When asked “What is a shoplifter?”, most readers of the LPM Insider probably have a pretty good idea of how to respond. I do too, but it’s interesting what you learn (or re-learn) when you actually do some research on the subject. If you look up the definition of shoplifting, you will find different variations in wording. Some reference larceny, some concealment, and others talk about intent. But the basic definition boils down to this: shoplifting is the “theft of merchandise from a store or place of business.”
The terms “shoplifting” or “shoplifter” are not usually defined by law. The crime of shoplifting generally falls under the legal classification of larceny and can be a misdemeanor or felony, depending on the dollar amount stolen. State by state, larceny laws vary greatly.
For the average person, shoplifting is sometimes confused with burglary or robbery. However, all three are different. Burglary refers to unlawful entry into a building with the intent to commit a crime, especially theft. If a burglar is successful, they will not come in contact with another person. Robbery, on the other hand, is the taking of something (usually money or merchandise) using force or fear. Other forms of retail theft, such as price switching and refund or credit card fraud, are not usually lumped into the shoplifting category. Experts believe shoplifting is common because it is a relatively unskilled crime with low entry barriers that can be fitted into a normal lifestyle.
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The crime of shoplifting is as old as shopping itself. The first documented cases of shoplifting took place in 16th-century London and involved groups of men called “lifters” (early ORC?). In 1591, a pamphlet entitled The Second Part of Cony-Catching described how three men conspired to shoplift clothes from London merchants. Over time, London merchants began to display goods in ways meant to attract shoppers, thus making it even easier for shoplifting to occur. Interestingly, during this period in England, female shoplifters were called Amazons.
In 1699, the English Parliament passed the Shoplifting Act, which called for petty theft to be punished by hanging.
In the 19th century, shoplifting was thought to be primarily a female activity, often attributed to kleptomania. Much later, in the 1960s, shoplifting was even described as a political act. Activist Jerry Rubin wrote, “All money represents theft…shoplifting gets you high. Don’t buy. Steal.”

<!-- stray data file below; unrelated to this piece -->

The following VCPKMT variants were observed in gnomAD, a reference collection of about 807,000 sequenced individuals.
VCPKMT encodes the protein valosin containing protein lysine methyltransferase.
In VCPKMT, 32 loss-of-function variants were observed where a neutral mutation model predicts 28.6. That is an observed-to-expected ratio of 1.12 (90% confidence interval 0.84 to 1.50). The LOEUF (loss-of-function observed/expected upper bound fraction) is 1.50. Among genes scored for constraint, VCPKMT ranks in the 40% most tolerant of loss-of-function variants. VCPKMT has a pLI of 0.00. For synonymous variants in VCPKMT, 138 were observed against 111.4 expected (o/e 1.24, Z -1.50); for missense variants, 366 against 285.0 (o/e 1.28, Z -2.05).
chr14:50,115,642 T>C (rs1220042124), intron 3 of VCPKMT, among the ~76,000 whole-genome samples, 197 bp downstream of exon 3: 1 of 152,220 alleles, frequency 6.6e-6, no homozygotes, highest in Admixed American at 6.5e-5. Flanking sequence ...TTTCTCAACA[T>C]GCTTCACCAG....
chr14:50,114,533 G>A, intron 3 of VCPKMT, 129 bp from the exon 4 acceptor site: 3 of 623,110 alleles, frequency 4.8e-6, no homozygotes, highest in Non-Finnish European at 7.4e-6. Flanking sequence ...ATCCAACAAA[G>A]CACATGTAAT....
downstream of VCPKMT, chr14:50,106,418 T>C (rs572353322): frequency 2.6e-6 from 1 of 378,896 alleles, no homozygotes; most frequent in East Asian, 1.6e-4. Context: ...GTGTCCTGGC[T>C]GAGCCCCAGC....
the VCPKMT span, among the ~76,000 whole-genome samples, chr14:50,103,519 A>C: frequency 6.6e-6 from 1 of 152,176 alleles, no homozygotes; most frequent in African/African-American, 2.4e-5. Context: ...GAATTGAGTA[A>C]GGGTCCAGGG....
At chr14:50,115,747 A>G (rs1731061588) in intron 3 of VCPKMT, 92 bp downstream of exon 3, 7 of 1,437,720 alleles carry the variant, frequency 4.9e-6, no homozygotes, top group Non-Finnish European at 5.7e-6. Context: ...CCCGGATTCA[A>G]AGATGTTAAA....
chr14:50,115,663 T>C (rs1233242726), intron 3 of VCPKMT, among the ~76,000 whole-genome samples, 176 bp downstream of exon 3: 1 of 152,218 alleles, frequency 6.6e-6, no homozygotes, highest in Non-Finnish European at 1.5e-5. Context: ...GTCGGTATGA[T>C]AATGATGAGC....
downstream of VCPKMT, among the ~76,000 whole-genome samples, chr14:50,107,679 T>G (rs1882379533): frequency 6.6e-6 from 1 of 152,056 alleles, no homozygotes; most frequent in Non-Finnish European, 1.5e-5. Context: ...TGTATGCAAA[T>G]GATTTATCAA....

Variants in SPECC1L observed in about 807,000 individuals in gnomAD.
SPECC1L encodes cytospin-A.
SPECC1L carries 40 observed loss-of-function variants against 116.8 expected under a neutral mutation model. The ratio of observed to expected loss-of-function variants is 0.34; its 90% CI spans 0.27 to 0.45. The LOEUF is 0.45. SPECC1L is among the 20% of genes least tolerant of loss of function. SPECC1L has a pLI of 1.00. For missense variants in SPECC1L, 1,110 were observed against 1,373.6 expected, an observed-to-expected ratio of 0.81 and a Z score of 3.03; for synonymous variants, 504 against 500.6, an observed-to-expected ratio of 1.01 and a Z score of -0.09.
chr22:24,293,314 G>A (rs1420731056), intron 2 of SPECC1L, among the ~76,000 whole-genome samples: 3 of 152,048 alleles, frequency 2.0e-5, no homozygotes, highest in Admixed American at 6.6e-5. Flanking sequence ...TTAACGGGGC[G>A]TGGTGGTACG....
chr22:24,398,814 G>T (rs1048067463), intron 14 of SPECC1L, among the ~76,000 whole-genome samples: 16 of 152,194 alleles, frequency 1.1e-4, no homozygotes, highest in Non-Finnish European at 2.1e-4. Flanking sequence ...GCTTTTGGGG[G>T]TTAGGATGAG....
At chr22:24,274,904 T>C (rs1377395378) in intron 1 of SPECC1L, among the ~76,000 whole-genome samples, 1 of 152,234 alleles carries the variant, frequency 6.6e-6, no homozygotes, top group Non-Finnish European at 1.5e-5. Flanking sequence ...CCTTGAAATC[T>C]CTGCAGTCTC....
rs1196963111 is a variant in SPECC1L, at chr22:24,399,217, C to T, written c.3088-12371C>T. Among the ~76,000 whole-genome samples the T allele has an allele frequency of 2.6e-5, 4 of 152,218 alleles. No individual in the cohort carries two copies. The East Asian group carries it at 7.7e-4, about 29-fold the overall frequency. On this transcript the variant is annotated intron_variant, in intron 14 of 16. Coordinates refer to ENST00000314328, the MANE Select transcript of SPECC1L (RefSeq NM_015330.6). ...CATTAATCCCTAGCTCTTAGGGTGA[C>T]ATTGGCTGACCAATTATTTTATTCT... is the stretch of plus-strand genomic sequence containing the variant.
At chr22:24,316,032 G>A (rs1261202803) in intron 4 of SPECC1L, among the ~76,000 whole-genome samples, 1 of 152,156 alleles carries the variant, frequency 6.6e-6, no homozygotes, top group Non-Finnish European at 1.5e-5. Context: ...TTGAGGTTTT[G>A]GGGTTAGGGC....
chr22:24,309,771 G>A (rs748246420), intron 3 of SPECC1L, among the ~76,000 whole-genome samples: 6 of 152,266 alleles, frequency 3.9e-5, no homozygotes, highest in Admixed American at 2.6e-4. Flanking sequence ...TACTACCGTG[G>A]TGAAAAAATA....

Some of the early misconceptions around shoplifting have evaporated by now. But current observations and statistics (some compiled by NASP – The National Association for Shoplifting Prevention) show that it is still a major problem in the United States today:
- Data from 1980 suggests that males are equally or more likely to shoplift than females.
- There are approximately 27 million shoplifters (1 in 11 people) in the United States today
- More than 10 million people have been caught shoplifting in the past five years.
- There is no profile of the “typical shoplifter.”
- Approximately 25 percent of shoplifters are kids.
- Fifty-five percent of shoplifters say they started shoplifting in their teens.
- Shoplifting, in general, is not a premeditated crime. Approximately 73 percent of shoplifters don’t plan to steal in advance.
- Eighty-nine percent of kids say they know other kids who shoplift. Sixty-six percent say they hang out with those kids.
- Shoplifters say they are caught on an average of once in every 48 times they steal. They are turned over to the police 50 percent of the time.
- Only 3 percent of shoplifters are thought to be “professionals.” But these so-called professionals are responsible for at least 10 percent of all shoplifting dollar losses. (I think some retailers’ ORC specialists would argue these numbers are too low).
- Fifty-seven percent of adults and 33 percent of juvenile shoplifters say it is hard for them to stop shoplifting even after getting caught.
- Habitual shoplifters steal an average of 1.6 times per week.
Regarding shoplifter apprehensions in today’s retail world, some things are changing and some things remain the same. In general, most retailers engaged in loss prevention apprehensions still adhere to some version of the age-old “Five Steps”:
1. Observe the person approach and select the merchandise.
2. Observe the person conceal the merchandise. (This is to show intent. An exception is made when a person simply grabs merchandise and walks out of the store).
3. Maintain constant and uninterrupted surveillance of the person after concealment (this is to guard against “dumping”).
4. Watch the person pass all points of sale without making any attempt to pay.
5. Observe the person leave the store.
The use of modern camera surveillance in shoplifting detection and apprehension has changed techniques somewhat. But two common adages still make as much sense today as ever:
- If you didn’t see it, it didn’t happen.
- When in doubt, let ‘em out.
And here is another interesting fact that I noted in a recent LP Magazine article (“Fifteen Years of Loss Prevention“) covering its first 15 years: although it’s a huge component of the retail loss prevention profession, feature articles specifically devoted to the fundamentals of shoplifting (and answering the question “What is a shoplifter?”) have appeared only four times in the magazine’s history. So, here’s at least one more look.